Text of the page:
#12:  Author: Mrs RedbootsLocation: London, UK PostPosted: Mon May 01, 2006 4:34 pm
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I think they were so desperate for something - anything - to help TB, that they tried all they could. Even in this country there were "Fresh-air" schools for children with TB, where absolutely everything happened in the open air, and there was only a roof over you, not walls. There was one at Clapham Common, I believe, not quite sure where now.

And didn't they think the very dry air of Arizona was good for TB patients, too, even though it wasn't at altitude.

We spend a week or so in the Alps each year, usually at around the 1,000 metre mark, and although I do notice it the first few days (especially as we go for an ice-skating competition), I always feel so incredibly well up there. We leave a fortnight on Wednesday - I can't wait!

#13:  Author: MiaLocation: London PostPosted: Mon May 01, 2006 4:39 pm
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Mrs Redboots wrote:
And didn't they think the very dry air of Arizona was good for TB patients, too, even though it wasn't at altitude.


Oh yes, I'm reading a random book at the moment where the father was sent to New Mexico for TB

#14:  Author: KarryLocation: Stoke on Trent PostPosted: Tue May 02, 2006 1:39 pm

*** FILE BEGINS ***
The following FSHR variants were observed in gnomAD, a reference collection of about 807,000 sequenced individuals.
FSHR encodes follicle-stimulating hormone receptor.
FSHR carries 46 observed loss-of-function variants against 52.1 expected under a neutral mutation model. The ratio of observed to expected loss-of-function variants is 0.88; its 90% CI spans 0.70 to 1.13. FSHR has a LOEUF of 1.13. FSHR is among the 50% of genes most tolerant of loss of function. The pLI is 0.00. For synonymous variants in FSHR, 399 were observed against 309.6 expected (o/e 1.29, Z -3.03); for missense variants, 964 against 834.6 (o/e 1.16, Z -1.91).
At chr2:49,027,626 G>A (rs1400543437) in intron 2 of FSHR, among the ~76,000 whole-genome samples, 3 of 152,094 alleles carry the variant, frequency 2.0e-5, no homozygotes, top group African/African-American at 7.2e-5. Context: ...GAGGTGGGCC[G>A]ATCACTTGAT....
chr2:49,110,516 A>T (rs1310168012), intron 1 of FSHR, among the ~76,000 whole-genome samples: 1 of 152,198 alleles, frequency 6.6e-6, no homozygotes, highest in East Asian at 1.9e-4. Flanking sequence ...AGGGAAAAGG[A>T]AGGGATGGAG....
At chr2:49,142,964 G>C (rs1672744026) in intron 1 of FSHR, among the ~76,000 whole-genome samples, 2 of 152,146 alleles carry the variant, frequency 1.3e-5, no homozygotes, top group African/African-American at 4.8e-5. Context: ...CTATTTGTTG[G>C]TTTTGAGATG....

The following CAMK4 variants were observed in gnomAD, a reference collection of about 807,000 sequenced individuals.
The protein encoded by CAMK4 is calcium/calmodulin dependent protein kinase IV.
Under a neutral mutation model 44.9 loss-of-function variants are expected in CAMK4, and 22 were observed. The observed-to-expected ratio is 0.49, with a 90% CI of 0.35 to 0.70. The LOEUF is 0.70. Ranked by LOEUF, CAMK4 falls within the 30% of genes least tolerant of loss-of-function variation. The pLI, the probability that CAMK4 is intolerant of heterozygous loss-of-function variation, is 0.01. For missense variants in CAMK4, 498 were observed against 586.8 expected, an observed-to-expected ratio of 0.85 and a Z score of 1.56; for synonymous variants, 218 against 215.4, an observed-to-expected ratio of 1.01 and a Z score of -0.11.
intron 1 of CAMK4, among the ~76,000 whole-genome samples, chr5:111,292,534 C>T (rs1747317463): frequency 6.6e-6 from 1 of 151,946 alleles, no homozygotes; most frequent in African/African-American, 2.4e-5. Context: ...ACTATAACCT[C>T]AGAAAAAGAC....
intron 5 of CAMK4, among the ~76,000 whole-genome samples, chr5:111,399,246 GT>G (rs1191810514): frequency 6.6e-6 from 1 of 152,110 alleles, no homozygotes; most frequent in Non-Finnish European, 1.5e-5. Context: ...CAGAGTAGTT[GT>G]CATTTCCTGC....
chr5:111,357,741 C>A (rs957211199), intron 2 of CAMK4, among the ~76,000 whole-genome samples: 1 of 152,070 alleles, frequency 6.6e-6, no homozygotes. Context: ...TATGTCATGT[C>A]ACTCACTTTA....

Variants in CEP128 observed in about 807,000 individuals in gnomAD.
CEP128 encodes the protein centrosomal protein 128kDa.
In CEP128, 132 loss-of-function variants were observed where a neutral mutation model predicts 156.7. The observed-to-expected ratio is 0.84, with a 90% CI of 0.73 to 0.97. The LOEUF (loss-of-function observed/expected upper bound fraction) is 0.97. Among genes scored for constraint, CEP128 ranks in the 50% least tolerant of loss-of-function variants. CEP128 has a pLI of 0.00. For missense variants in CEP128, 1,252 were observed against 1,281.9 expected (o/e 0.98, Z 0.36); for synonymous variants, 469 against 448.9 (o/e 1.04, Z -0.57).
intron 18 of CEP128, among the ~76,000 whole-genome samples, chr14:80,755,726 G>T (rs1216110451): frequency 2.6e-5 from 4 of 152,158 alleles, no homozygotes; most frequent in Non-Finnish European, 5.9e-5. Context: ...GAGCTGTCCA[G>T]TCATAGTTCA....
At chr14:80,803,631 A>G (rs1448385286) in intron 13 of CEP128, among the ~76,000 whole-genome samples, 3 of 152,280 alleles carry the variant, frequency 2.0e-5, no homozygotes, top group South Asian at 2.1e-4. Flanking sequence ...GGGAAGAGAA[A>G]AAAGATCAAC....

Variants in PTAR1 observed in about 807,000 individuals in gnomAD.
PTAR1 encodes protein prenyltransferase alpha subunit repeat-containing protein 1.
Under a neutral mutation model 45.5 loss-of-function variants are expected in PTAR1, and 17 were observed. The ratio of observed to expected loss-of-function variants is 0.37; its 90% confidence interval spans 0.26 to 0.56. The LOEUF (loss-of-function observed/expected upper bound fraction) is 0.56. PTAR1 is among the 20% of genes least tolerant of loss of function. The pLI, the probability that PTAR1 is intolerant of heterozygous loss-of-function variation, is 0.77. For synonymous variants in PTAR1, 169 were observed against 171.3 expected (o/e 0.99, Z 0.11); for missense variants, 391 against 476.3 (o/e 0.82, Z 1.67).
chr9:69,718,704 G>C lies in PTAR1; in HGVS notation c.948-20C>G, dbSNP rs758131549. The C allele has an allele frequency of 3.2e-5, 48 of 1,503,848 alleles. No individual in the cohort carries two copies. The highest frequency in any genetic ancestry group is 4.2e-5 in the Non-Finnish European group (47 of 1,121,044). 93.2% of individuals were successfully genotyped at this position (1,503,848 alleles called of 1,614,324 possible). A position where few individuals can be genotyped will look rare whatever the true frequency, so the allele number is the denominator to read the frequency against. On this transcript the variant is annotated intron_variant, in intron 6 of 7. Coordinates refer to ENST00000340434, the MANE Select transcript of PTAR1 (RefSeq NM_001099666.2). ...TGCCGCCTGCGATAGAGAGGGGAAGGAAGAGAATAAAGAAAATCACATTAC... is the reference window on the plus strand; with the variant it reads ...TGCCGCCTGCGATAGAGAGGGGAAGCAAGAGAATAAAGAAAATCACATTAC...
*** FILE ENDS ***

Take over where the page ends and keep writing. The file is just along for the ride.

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My boss has just popped in to work - he has been off work for 7 weeks with pleurosy, and has a sick note for another month, and the doctor told him this morning that the best thing for him would be a month in Switzerland! Shame you can't get it on the NHS!

#15:  Author: SusanLocation: Carlisle PostPosted: Tue May 02, 2006 4:47 pm
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There was a sanatorium at Blencathra which is just the other side of Keswick from here. My mum's friend was there with TB in the 1930s. I don't know how high it is but it was it was there as it was isolated from any cities and their smog. Don't forget with all the smoky fuels they had back then city air would be very nasty to breath so the pure mountain or even country air would be a lot better than what they were used too.

#16:  Author: MarianneLocation: Lancaster PostPosted: Sat May 06, 2006 7:38 pm
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Gosh, thats exciting...I walked up Blencathra in Michaelmas term, next time i have a story to tell, which is just as well, i'll be a third year so people will expect me to say clever things!

As for 3000ft being a bit a of a stretch...i'll concur that a climb of that distance isn't that easy; Helvellyn is about that (i think) and I did that last weekend! Its pretty good going for a child to do it i think although i guess if they were used to it that makes a big difference.

(i'll go away now)

#17:  Author: JennieLocation: Cambridgeshire PostPosted: Sun May 07, 2006 4:11 pm
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Don't forget, in those days, people were far more accustomed to walking everywhere. Cars were luxuries for the rich only, so the ordinary people took buses where they existed, and walked for miles if need be.

#18:  Author: Alison HLocation: Manchester PostPosted: Mon May 08, 2006 8:52 am
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Susan wrote:
There was a sanatorium at Blencathra which is just the other side of Keswick from here.


It's now been converted into holiday homes, I think! It became the Lake District National Park admin HQ or something, then got sold on.

Wish I was in the Lake District today and not in the office ....